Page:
Northwest Europe and EGHN
European Garden Heritage Network
There are parks and gardens in every region of Europe. Some are of international cultural and historical significance, others rather of regional importance. Some are of interest because of their outstanding collections of plants, others due to their overall design or the history of those who lived and worked there. Each place offers the visitor an experience of a different kind, whereby the surrounding cultural landscape has an effect on the visitor's expectations and mood. The visitor approaches a garden at the Loire, in the heat of Spain or at the lakes of Northern Italy differently to a garden set in the hills of an English landscape or located in the flat landscape of the Lower Rhine.
Considering this background of diversity, it was an advantage rather than a disadvantage for the European Garden Heritage Network that support for it from the INTERREG-IIIB Programme for Northwest Europe meant that its sphere of work was first confined to Great Britain and Ireland, the Netherlands, Belgium and Luxembourg as well as parts of France and Germany. Similarly, it was advantageous that a further restriction occurred through the choice of the first partners from Great Britain, France and Germany. It is, however, agreed by all partners that this spatial restriction should be removed in the future.
Northwest Europe forms a heartland for the development of garden design. It was here that the different eras and styles of gardens developed (e.g. of English and French gardens). There is a long list of outstanding gardens which are well-known in the international gardening world and amongst garden lovers.
For the partners and supporters of the EGHN, it is mainly the lesser-known parks and gardens which are the focus of attention. This is not just because they are worth discovering but also because they can offer each visitor a pleasant stay and uninterrupted enjoyment. Furthermore, they have the potential to be developed further and to play a role as valuable assets for the region. There are many parks and gardens of this kind. For England alone, the Register of Parks and Gardens of Special Historic Interest in England (administered by English Heritage) lists almost 1,450 parks and gardens. Surveys in North Rhine-Westphalia also document an astonishingly high number of accessible historical gardens.
The INTERREG-IIIB Programme for Northwest Europe explicitly mentions the significance of historical surroundings and provides financial resources for the protection and creative enhancement of historical sites, monuments and cultural landscapes. Fostering cultural heritage as a potential for economic development is only one aspect of this. In addition, the programme has the goal of strengthening local and regional identity and emphasising and supporting culture as an essential element in the development of society.
In doing this, the INTERREGG-IIIB programme concerns itself at an early stage with trends which are only beginning to gain acceptance in planning and development concepts and in the political arena and society: cultural heritage and monuments as well as the cultural landscape in general are not just worthy of protection in their own right. They can also function as assets of special quality which can be used for sustainable regional development where the maxim of action is the balance between economics, ecology and social and cultural responsibility. Similarly, they can also stimulate or strengthen positive developments. The European Garden Heritage Network has developed this pioneering role of the INTERREG programme further in the sense that parks and gardens and the cultural landscape surrounding them are made the focus of its concepts and measures.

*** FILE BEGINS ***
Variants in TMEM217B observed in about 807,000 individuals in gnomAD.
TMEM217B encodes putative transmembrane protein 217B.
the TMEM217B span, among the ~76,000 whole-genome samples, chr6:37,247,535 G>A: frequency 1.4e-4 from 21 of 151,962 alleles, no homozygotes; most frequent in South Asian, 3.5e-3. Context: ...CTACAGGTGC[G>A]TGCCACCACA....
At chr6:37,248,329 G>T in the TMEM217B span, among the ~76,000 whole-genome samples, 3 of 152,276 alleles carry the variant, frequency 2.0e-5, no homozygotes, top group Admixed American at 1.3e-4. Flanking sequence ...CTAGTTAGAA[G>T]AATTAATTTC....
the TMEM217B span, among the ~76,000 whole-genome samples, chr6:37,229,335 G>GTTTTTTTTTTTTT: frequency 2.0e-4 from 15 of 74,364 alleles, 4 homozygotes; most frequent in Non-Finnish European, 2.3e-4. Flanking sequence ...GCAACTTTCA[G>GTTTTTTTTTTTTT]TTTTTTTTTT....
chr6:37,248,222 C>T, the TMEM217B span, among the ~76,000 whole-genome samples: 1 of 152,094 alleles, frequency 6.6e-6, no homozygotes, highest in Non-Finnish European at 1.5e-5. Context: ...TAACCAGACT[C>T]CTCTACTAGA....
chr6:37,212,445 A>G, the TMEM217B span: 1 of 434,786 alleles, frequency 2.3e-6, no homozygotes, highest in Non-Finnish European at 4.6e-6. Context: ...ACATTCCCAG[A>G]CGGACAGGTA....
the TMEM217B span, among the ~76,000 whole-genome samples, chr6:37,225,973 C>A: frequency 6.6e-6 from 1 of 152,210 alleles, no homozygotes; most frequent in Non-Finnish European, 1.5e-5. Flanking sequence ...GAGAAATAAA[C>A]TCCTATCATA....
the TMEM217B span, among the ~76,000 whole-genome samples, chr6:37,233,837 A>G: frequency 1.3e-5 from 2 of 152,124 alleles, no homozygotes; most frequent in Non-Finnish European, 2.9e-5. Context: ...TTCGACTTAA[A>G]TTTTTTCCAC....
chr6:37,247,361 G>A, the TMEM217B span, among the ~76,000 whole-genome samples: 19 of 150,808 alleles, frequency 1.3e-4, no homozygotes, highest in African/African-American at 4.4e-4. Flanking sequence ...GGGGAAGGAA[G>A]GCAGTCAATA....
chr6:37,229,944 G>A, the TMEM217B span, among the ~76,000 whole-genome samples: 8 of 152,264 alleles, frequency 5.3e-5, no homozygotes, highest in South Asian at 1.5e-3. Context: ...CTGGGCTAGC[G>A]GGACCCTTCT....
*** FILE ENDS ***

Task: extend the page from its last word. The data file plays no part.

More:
If one succeeds in raising awareness of the unique quality of parks and gardens, one increases the chances of receiving widespread support from the political and economic spheres as well as from the population in general, which in turn (mostly) leads to an increase in the availability of financial funds. Such awareness-raising can be achieved, for example, by developing new information and educational concepts, attracting new groups of visitors, improving accessibility and the quality of the visitor's stay as well as by integrating parks and gardens as parts of a cultural landscape and regional economy into concepts for local and regional development. Historical and new parks have diverse, often complementary potentials for this which need to be treated actively as valuable assets. Examples of these can already be found in the regions and in the parks and gardens of the EGHN. Building on these examples and using innovative ideas which arise from international co-operation, the European Garden Heritage Network develops and tests pilot projects with the intention of transferring these to other regions, hence contributing to the enhancement of parks and gardens beyond the partner regions and beyond Northwest Europe as well as to increased satisfaction among visitors to them.